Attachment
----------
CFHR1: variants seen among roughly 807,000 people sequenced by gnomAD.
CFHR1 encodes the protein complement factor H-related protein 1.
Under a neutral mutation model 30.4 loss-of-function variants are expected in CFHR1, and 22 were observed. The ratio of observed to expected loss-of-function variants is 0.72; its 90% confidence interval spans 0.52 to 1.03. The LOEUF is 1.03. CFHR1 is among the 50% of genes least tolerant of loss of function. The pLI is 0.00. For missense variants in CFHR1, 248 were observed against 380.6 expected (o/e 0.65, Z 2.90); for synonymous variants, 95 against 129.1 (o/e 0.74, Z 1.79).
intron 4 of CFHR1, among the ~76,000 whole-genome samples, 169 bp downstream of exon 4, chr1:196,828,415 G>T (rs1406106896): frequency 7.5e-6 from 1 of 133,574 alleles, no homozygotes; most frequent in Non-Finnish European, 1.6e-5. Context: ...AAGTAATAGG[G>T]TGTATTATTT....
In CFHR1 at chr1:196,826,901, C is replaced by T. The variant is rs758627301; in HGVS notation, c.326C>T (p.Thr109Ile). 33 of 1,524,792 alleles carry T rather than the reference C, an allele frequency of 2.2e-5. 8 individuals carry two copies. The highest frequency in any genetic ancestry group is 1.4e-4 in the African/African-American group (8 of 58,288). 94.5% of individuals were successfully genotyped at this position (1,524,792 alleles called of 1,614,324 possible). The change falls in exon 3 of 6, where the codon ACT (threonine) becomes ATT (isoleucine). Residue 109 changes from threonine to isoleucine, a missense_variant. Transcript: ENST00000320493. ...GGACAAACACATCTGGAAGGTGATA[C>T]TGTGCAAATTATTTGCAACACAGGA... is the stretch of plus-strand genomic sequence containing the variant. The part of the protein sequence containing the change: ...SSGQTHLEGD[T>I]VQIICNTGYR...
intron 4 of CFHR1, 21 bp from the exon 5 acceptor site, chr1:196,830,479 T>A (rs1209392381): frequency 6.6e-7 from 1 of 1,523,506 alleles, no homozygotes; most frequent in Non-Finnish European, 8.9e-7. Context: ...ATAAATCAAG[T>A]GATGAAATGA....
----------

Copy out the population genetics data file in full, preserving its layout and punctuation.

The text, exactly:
CFHR1: variants seen among roughly 807,000 people sequenced by gnomAD.
CFHR1 encodes the protein complement factor H-related protein 1.
Under a neutral mutation model 30.4 loss-of-function variants are expected in CFHR1, and 22 were observed. The ratio of observed to expected loss-of-function variants is 0.72; its 90% confidence interval spans 0.52 to 1.03. The LOEUF is 1.03. CFHR1 is among the 50% of genes least tolerant of loss of function. The pLI is 0.00. For missense variants in CFHR1, 248 were observed against 380.6 expected (o/e 0.65, Z 2.90); for synonymous variants, 95 against 129.1 (o/e 0.74, Z 1.79).
intron 4 of CFHR1, among the ~76,000 whole-genome samples, 169 bp downstream of exon 4, chr1:196,828,415 G>T (rs1406106896): frequency 7.5e-6 from 1 of 133,574 alleles, no homozygotes; most frequent in Non-Finnish European, 1.6e-5. Context: ...AAGTAATAGG[G>T]TGTATTATTT....
In CFHR1 at chr1:196,826,901, C is replaced by T. The variant is rs758627301; in HGVS notation, c.326C>T (p.Thr109Ile). 33 of 1,524,792 alleles carry T rather than the reference C, an allele frequency of 2.2e-5. 8 individuals carry two copies. The highest frequency in any genetic ancestry group is 1.4e-4 in the African/African-American group (8 of 58,288). 94.5% of individuals were successfully genotyped at this position (1,524,792 alleles called of 1,614,324 possible). The change falls in exon 3 of 6, where the codon ACT (threonine) becomes ATT (isoleucine). Residue 109 changes from threonine to isoleucine, a missense_variant. Transcript: ENST00000320493. ...GGACAAACACATCTGGAAGGTGATA[C>T]TGTGCAAATTATTTGCAACACAGGA... is the stretch of plus-strand genomic sequence containing the variant. The part of the protein sequence containing the change: ...SSGQTHLEGD[T>I]VQIICNTGYR...
intron 4 of CFHR1, 21 bp from the exon 5 acceptor site, chr1:196,830,479 T>A (rs1209392381): frequency 6.6e-7 from 1 of 1,523,506 alleles, no homozygotes; most frequent in Non-Finnish European, 8.9e-7. Context: ...ATAAATCAAG[T>A]GATGAAATGA....